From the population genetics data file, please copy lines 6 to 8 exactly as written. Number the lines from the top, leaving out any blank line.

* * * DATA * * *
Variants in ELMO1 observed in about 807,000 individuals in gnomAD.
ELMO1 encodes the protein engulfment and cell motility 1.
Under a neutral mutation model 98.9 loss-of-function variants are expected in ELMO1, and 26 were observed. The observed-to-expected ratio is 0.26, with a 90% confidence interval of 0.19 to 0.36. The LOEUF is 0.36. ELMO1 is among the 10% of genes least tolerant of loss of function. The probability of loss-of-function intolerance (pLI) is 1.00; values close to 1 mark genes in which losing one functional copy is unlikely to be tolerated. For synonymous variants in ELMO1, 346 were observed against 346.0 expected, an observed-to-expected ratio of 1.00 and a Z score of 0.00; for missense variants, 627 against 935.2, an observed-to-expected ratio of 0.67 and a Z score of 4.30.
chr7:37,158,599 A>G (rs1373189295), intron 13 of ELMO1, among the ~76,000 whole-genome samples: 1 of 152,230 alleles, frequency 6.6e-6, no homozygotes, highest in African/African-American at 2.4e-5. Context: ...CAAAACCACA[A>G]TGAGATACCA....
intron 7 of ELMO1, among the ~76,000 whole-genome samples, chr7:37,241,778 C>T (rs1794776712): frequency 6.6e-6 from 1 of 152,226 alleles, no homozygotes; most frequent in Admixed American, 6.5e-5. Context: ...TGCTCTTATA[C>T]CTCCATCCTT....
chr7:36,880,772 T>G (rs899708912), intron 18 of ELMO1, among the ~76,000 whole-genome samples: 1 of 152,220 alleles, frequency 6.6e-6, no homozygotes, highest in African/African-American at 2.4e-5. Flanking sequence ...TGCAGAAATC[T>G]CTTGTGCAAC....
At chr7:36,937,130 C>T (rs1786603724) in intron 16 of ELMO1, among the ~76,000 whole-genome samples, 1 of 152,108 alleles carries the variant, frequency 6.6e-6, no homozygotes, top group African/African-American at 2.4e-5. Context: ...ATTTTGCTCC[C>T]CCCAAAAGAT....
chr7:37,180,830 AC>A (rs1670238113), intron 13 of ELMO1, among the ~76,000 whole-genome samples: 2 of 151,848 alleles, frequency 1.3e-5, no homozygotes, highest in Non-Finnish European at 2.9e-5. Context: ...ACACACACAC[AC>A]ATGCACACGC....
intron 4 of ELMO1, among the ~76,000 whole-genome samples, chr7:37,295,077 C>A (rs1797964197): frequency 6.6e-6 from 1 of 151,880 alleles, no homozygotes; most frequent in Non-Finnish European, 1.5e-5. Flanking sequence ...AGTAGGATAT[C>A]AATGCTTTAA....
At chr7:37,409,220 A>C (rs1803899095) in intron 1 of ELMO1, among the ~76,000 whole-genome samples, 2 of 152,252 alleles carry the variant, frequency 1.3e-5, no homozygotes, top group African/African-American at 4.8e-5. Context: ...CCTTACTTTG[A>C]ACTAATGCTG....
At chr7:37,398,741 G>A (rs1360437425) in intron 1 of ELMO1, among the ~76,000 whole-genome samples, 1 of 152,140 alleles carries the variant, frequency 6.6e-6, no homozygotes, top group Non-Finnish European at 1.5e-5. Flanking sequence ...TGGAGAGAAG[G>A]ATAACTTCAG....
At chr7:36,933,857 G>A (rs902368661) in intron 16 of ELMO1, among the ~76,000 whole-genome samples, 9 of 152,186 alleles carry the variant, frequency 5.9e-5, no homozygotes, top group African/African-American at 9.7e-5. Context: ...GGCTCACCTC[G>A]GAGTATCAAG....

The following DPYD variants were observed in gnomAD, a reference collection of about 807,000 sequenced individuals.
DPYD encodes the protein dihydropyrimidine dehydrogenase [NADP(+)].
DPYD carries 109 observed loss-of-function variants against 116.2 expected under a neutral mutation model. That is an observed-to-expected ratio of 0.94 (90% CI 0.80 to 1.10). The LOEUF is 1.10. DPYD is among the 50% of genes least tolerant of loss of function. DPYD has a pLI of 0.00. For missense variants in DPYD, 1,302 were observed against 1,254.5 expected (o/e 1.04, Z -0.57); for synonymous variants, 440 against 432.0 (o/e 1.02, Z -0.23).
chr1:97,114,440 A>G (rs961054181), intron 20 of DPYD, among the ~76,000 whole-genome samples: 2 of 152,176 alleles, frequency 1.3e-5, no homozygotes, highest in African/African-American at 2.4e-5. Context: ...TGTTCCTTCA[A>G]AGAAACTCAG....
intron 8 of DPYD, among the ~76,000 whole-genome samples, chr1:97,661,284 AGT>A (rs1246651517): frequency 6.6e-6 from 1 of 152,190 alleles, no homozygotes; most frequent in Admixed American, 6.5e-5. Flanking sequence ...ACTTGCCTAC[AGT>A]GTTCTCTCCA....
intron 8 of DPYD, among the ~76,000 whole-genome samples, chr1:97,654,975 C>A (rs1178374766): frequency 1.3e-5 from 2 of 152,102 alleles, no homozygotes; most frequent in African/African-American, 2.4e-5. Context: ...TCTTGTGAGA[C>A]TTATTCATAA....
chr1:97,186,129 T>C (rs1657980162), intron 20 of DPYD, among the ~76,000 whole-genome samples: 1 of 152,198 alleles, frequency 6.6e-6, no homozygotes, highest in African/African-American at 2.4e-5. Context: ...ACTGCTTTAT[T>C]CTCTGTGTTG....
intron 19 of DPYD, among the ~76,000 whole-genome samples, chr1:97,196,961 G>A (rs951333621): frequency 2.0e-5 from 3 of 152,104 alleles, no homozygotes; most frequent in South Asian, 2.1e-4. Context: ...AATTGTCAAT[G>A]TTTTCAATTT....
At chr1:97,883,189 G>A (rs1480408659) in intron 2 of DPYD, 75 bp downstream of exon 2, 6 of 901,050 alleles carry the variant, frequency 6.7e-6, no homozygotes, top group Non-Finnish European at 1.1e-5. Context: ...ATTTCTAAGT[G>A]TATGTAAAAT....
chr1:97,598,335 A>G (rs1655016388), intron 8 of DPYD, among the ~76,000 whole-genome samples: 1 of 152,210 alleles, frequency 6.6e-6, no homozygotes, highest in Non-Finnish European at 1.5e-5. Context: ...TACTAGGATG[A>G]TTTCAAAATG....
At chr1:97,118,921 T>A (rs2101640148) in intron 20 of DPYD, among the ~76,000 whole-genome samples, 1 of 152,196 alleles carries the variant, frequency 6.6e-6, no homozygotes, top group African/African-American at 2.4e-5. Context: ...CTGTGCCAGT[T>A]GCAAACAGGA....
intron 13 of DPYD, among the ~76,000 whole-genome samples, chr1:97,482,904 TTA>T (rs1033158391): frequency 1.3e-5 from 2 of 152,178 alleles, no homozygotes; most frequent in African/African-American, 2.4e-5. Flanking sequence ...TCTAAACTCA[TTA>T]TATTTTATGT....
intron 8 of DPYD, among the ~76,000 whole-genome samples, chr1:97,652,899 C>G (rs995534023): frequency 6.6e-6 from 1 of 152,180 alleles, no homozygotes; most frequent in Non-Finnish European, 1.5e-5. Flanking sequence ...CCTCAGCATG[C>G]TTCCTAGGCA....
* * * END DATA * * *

chr7:36,880,772 T>G (rs899708912), intron 18 of ELMO1, among the ~76,000 whole-genome samples: 1 of 152,220 alleles, frequency 6.6e-6, no homozygotes, highest in African/African-American at 2.4e-5. Flanking sequence ...TGCAGAAATC[T>G]CTTGTGCAAC....
At chr7:36,937,130 C>T (rs1786603724) in intron 16 of ELMO1, among the ~76,000 whole-genome samples, 1 of 152,108 alleles carries the variant, frequency 6.6e-6, no homozygotes, top group African/African-American at 2.4e-5. Context: ...ATTTTGCTCC[C>T]CCCAAAAGAT....
chr7:37,180,830 AC>A (rs1670238113), intron 13 of ELMO1, among the ~76,000 whole-genome samples: 2 of 151,848 alleles, frequency 1.3e-5, no homozygotes, highest in Non-Finnish European at 2.9e-5. Context: ...ACACACACAC[AC>A]ATGCACACGC....